ThermaPure, Inc. v. Temp-Air, Inc., No. 10 C 4724, Slip Op. (N.D. Ill. Dec. 22, 2010) (Lefkow, J.).
Judge Lefkow granted defendants’ RxHeat and Cambridge Engineering’s (collectively "Cambridge") motion to dismiss or sever and Temp-Air’s motion to sever and transfer in this patent litigation involving the use of heat to remediate structures removing mold, bacteria, insects or rodents, among other things. Neither Cambridge nor Temp-Air were related to any of the other defendants. As such, their sales of different products could not satisfy the Fed. R. Civ. P. 20(a) joinder requirement that the claims arise out of the same transaction or occurrence. It was not enough that plaintiff accused that each defendant infringed the same patent. Furthermore, plaintiff never identified which specific products it accused of infringement, even during briefing of the instant motion. So, there was no way for the Court to determine how similar the accused products actually were. The Court, therefore severed Cambridge’s and Temp-Air’s cases.
The Court then transferred Temp-Air’s case. ThermaPure’s choice of forum was given little deference because it was neither party’s home district. The situs of material events was Minnesota, where ThermaPure is headquartered and conducts most of its business. The fact that ThermaPure sold accused products to Illinois customers was unavailing. Additionally, most of the documents were located in Minnesota. Temp-Air only identified party witnesses, which are given less consideration, that were located in Minnesota. But ThermaPure did not identify any Illinois witnesses.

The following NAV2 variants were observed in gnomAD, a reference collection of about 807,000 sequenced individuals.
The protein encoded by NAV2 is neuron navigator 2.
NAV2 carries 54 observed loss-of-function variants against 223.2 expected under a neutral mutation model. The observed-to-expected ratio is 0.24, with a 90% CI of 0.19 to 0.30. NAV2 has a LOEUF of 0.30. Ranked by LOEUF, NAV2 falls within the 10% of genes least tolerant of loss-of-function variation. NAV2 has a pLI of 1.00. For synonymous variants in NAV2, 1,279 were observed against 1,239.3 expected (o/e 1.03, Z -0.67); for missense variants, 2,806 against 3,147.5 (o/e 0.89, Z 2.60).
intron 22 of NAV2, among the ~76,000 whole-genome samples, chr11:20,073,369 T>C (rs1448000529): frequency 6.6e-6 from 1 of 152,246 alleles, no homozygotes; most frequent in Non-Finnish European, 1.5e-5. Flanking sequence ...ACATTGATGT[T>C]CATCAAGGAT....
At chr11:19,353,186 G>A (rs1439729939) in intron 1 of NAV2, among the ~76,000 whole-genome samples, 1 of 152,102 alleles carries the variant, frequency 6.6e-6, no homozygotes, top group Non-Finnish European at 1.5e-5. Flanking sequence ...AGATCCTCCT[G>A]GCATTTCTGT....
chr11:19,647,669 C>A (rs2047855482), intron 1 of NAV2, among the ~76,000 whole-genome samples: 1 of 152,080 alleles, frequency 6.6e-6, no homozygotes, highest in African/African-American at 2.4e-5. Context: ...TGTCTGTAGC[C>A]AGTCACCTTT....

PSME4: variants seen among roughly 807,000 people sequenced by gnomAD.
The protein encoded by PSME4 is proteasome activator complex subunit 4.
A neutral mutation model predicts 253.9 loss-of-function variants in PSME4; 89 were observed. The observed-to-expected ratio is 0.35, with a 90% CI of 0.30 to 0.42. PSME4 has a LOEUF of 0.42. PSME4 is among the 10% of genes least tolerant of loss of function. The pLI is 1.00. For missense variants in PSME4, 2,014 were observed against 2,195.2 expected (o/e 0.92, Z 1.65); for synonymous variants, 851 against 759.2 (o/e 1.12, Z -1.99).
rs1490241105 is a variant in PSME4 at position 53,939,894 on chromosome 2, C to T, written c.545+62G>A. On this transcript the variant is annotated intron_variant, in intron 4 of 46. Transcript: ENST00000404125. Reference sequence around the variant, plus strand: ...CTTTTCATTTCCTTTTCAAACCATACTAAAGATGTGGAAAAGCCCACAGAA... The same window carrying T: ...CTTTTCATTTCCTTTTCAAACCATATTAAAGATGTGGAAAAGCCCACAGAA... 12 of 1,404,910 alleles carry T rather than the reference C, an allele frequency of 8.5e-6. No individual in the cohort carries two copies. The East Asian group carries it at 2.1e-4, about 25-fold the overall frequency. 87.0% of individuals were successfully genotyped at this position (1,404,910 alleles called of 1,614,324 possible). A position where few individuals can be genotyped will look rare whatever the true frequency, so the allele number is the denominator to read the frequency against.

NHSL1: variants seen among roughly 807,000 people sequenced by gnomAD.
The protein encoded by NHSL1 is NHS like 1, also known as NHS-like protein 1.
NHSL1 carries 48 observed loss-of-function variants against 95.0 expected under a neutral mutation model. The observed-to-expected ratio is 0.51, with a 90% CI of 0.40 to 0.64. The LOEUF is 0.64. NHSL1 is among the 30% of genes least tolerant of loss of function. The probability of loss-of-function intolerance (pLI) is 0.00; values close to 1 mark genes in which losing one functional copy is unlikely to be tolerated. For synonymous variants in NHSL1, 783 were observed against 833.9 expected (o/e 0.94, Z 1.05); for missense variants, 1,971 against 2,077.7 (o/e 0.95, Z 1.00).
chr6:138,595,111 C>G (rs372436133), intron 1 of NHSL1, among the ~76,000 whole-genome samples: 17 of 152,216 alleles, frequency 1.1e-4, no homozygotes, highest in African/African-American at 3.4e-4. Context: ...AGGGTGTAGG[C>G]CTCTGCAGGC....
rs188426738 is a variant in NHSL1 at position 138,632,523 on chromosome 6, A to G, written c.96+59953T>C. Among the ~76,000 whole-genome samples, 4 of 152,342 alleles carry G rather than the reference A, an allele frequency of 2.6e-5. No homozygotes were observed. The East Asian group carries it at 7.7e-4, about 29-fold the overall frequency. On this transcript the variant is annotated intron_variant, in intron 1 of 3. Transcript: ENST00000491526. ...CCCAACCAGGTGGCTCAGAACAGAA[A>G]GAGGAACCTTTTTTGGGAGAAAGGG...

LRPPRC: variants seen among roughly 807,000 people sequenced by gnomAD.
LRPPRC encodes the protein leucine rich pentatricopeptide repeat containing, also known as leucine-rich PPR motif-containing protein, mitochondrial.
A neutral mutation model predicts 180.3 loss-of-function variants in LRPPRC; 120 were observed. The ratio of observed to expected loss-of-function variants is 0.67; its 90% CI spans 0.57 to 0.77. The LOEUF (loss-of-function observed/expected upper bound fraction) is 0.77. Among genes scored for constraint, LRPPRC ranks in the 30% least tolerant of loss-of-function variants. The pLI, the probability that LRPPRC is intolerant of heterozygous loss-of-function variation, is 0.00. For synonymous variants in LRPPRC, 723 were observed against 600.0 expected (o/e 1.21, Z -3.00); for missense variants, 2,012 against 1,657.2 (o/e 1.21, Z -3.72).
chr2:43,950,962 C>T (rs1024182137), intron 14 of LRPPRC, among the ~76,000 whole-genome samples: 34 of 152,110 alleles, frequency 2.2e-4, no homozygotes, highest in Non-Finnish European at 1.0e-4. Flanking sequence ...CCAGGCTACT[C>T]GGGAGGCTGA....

Neither party argued that either district would resolve the claims faster, and ThermaPure’s citation to the Northern District’s Local Patent Rules for reducing costs and expenses of the litigation was not relevant. The Court, therefore, transferred Temp-Air’s case to Minnesota. And having transferred the case as to Temp-Air, the Court stayed ThermaPure’s case against Temp-Air’s alleged Illinois customer Gierstsen Illinois. That case could be reopened, as necessary, in the Northern District after Temp-Air’s case was resolved, as it should significantly narrow, if not resolve, the claims against Gierstsen Illinois.